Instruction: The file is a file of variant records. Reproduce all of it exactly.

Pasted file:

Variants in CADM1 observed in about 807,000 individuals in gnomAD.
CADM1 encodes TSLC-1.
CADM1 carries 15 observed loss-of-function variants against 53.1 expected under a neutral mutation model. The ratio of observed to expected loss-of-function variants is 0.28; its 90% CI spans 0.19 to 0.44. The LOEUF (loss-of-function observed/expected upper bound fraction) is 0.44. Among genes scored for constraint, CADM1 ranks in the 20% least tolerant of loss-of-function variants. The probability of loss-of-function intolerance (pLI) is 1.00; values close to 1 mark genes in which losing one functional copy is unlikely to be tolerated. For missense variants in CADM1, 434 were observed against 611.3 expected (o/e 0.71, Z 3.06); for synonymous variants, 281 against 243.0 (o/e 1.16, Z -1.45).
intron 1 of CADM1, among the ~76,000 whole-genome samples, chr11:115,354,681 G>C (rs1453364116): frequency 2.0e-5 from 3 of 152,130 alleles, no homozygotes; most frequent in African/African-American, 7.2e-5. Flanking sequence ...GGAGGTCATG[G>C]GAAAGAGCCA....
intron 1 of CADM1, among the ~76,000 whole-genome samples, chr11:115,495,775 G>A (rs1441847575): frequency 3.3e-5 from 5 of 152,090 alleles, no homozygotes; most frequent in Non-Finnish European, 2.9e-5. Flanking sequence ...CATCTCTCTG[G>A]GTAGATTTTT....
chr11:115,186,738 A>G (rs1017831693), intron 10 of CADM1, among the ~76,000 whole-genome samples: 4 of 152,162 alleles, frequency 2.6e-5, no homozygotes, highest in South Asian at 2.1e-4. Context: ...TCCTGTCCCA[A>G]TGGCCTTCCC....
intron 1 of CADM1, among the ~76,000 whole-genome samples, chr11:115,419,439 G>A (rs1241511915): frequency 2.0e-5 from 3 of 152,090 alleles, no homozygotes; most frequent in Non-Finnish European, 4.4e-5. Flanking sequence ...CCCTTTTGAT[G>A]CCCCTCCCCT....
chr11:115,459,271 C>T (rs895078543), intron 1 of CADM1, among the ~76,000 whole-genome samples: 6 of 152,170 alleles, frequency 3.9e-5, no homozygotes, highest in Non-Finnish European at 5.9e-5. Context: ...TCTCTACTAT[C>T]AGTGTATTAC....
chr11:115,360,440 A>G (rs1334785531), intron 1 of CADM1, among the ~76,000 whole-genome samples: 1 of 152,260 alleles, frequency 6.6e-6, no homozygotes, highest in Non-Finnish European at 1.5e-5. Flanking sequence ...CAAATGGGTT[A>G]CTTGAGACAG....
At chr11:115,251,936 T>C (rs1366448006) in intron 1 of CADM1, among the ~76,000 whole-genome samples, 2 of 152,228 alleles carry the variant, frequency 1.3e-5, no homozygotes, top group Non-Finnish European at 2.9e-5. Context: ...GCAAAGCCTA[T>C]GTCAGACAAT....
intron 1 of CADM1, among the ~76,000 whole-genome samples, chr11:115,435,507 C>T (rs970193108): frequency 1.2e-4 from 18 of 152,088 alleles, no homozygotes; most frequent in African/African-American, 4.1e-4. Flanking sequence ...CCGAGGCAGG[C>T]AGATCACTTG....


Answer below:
Variants in CADM1 observed in about 807,000 individuals in gnomAD.
CADM1 encodes TSLC-1.
CADM1 carries 15 observed loss-of-function variants against 53.1 expected under a neutral mutation model. The ratio of observed to expected loss-of-function variants is 0.28; its 90% CI spans 0.19 to 0.44. The LOEUF (loss-of-function observed/expected upper bound fraction) is 0.44. Among genes scored for constraint, CADM1 ranks in the 20% least tolerant of loss-of-function variants. The probability of loss-of-function intolerance (pLI) is 1.00; values close to 1 mark genes in which losing one functional copy is unlikely to be tolerated. For missense variants in CADM1, 434 were observed against 611.3 expected (o/e 0.71, Z 3.06); for synonymous variants, 281 against 243.0 (o/e 1.16, Z -1.45).
intron 1 of CADM1, among the ~76,000 whole-genome samples, chr11:115,354,681 G>C (rs1453364116): frequency 2.0e-5 from 3 of 152,130 alleles, no homozygotes; most frequent in African/African-American, 7.2e-5. Flanking sequence ...GGAGGTCATG[G>C]GAAAGAGCCA....
intron 1 of CADM1, among the ~76,000 whole-genome samples, chr11:115,495,775 G>A (rs1441847575): frequency 3.3e-5 from 5 of 152,090 alleles, no homozygotes; most frequent in Non-Finnish European, 2.9e-5. Flanking sequence ...CATCTCTCTG[G>A]GTAGATTTTT....
chr11:115,186,738 A>G (rs1017831693), intron 10 of CADM1, among the ~76,000 whole-genome samples: 4 of 152,162 alleles, frequency 2.6e-5, no homozygotes, highest in South Asian at 2.1e-4. Context: ...TCCTGTCCCA[A>G]TGGCCTTCCC....
intron 1 of CADM1, among the ~76,000 whole-genome samples, chr11:115,419,439 G>A (rs1241511915): frequency 2.0e-5 from 3 of 152,090 alleles, no homozygotes; most frequent in Non-Finnish European, 4.4e-5. Flanking sequence ...CCCTTTTGAT[G>A]CCCCTCCCCT....
chr11:115,459,271 C>T (rs895078543), intron 1 of CADM1, among the ~76,000 whole-genome samples: 6 of 152,170 alleles, frequency 3.9e-5, no homozygotes, highest in Non-Finnish European at 5.9e-5. Context: ...TCTCTACTAT[C>T]AGTGTATTAC....
chr11:115,360,440 A>G (rs1334785531), intron 1 of CADM1, among the ~76,000 whole-genome samples: 1 of 152,260 alleles, frequency 6.6e-6, no homozygotes, highest in Non-Finnish European at 1.5e-5. Flanking sequence ...CAAATGGGTT[A>G]CTTGAGACAG....
At chr11:115,251,936 T>C (rs1366448006) in intron 1 of CADM1, among the ~76,000 whole-genome samples, 2 of 152,228 alleles carry the variant, frequency 1.3e-5, no homozygotes, top group Non-Finnish European at 2.9e-5. Context: ...GCAAAGCCTA[T>C]GTCAGACAAT....
intron 1 of CADM1, among the ~76,000 whole-genome samples, chr11:115,435,507 C>T (rs970193108): frequency 1.2e-4 from 18 of 152,088 alleles, no homozygotes; most frequent in African/African-American, 4.1e-4. Flanking sequence ...CCGAGGCAGG[C>T]AGATCACTTG....